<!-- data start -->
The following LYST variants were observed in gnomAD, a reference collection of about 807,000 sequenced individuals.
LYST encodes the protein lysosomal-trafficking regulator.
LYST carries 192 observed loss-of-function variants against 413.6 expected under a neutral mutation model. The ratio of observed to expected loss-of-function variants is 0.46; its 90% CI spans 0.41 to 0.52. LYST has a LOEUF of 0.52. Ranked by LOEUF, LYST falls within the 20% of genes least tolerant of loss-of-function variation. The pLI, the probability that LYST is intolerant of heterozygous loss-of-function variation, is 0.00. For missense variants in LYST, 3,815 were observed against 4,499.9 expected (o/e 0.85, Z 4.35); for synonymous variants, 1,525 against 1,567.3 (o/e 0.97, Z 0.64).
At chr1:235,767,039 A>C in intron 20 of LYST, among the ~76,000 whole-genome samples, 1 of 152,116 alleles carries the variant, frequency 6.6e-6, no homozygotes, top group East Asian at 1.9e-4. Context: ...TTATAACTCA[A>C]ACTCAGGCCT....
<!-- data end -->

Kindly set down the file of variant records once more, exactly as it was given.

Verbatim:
The following LYST variants were observed in gnomAD, a reference collection of about 807,000 sequenced individuals.
LYST encodes the protein lysosomal-trafficking regulator.
LYST carries 192 observed loss-of-function variants against 413.6 expected under a neutral mutation model. The ratio of observed to expected loss-of-function variants is 0.46; its 90% CI spans 0.41 to 0.52. LYST has a LOEUF of 0.52. Ranked by LOEUF, LYST falls within the 20% of genes least tolerant of loss-of-function variation. The pLI, the probability that LYST is intolerant of heterozygous loss-of-function variation, is 0.00. For missense variants in LYST, 3,815 were observed against 4,499.9 expected (o/e 0.85, Z 4.35); for synonymous variants, 1,525 against 1,567.3 (o/e 0.97, Z 0.64).
At chr1:235,767,039 A>C in intron 20 of LYST, among the ~76,000 whole-genome samples, 1 of 152,116 alleles carries the variant, frequency 6.6e-6, no homozygotes, top group East Asian at 1.9e-4. Context: ...TTATAACTCA[A>C]ACTCAGGCCT....